Northumbrian Water has begun a £1.3 million upgrade to a sewer network in Darlington using trenchless technology to minimise disruption during the seven-month project.

The work includes replacing a pipe and completing localised surface water drainage work to disperse rainwater from the area, reducing the chances of flooding during heavy rain.

The company, which is awaiting a final decision from the Competition and Markets Authority (CMA) on its 2020-25 business plan, underlined the necessity of investment to protect properties from sewer flooding in its final submission to the body. The company proposed a plan that would allow additional spending for sewers as part of a £150 million investment in resilience that it said would be delivered alongside a 21 per cent reduction in customer bills.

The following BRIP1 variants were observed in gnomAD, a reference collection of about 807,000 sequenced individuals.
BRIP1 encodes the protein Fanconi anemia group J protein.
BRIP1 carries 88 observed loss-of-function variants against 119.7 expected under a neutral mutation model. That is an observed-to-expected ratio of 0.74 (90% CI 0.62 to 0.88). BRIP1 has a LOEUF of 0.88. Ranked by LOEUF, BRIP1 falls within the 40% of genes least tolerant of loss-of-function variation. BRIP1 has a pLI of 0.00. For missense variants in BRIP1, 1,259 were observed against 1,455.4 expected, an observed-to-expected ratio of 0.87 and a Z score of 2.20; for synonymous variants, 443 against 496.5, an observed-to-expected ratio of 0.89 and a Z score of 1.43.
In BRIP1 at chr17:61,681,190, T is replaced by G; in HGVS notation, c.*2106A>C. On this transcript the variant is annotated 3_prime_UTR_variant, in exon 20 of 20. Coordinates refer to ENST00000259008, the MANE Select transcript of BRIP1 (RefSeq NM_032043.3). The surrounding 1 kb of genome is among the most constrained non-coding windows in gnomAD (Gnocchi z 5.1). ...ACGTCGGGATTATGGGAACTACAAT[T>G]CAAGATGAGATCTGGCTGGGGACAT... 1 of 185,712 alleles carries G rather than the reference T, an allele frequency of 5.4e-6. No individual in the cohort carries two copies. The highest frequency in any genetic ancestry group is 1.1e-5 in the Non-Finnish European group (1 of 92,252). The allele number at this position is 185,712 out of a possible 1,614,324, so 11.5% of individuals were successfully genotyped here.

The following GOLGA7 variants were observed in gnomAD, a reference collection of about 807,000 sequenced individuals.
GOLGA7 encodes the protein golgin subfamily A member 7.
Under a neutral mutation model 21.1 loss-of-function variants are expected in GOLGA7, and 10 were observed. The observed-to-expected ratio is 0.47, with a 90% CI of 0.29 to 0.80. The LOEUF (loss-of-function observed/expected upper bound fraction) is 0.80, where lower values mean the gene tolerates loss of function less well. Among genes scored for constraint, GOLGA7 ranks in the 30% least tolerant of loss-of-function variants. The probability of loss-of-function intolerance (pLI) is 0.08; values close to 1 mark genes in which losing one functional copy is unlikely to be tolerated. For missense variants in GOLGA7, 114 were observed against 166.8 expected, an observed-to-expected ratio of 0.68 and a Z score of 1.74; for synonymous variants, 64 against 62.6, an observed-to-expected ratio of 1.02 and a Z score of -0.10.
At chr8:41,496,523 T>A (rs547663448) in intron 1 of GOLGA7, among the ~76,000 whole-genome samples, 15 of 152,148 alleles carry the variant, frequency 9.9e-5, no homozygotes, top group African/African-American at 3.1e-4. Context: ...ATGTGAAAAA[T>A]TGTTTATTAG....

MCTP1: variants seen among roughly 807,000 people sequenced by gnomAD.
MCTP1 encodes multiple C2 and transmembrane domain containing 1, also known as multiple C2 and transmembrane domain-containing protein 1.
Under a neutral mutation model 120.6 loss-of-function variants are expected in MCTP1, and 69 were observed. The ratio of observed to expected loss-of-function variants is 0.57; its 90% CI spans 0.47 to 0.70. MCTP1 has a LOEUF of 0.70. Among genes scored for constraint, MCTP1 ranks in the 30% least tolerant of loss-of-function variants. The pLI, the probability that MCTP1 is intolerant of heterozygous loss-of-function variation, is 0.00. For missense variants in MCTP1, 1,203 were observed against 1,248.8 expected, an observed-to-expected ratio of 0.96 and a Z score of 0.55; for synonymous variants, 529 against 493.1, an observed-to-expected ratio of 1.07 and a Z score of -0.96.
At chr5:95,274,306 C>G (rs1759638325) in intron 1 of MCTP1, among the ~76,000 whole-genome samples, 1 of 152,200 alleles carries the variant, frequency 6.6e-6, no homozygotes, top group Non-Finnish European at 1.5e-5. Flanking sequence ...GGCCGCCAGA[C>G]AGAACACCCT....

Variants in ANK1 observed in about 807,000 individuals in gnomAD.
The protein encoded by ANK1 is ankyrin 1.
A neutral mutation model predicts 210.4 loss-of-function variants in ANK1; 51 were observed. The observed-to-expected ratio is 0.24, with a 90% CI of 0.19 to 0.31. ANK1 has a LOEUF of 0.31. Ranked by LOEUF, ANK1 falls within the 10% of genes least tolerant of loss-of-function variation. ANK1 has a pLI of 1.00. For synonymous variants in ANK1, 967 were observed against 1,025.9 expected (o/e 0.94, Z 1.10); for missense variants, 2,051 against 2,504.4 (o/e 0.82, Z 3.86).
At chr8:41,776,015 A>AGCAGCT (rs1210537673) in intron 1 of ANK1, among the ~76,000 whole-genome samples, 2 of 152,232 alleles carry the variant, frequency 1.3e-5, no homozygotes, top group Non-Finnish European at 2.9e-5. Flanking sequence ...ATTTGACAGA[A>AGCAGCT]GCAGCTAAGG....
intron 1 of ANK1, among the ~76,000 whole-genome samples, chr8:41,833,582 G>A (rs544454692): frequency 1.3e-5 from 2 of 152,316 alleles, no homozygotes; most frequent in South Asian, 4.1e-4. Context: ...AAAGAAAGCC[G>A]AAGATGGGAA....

Northumbrian is using trenchless techniques to minimise disruption, including road closures. This involves digging small pits and drilling horizontally instead of unearthing a trench.

Project manager Paul Davison said: “The use of trenchless technology will help to reduce impact for customers and commuters in the area, and we will work wherever possible to minimise disruption throughout the project.”

He said the upgrades will reduce the risks of flooding and pollution to benefit customers and the environment.

Philip Dunne, the MP who chairs the Environmental Audit Committee, told Utility Week that investment on sewers will be on the government’s agenda for the next price review in 2024. 

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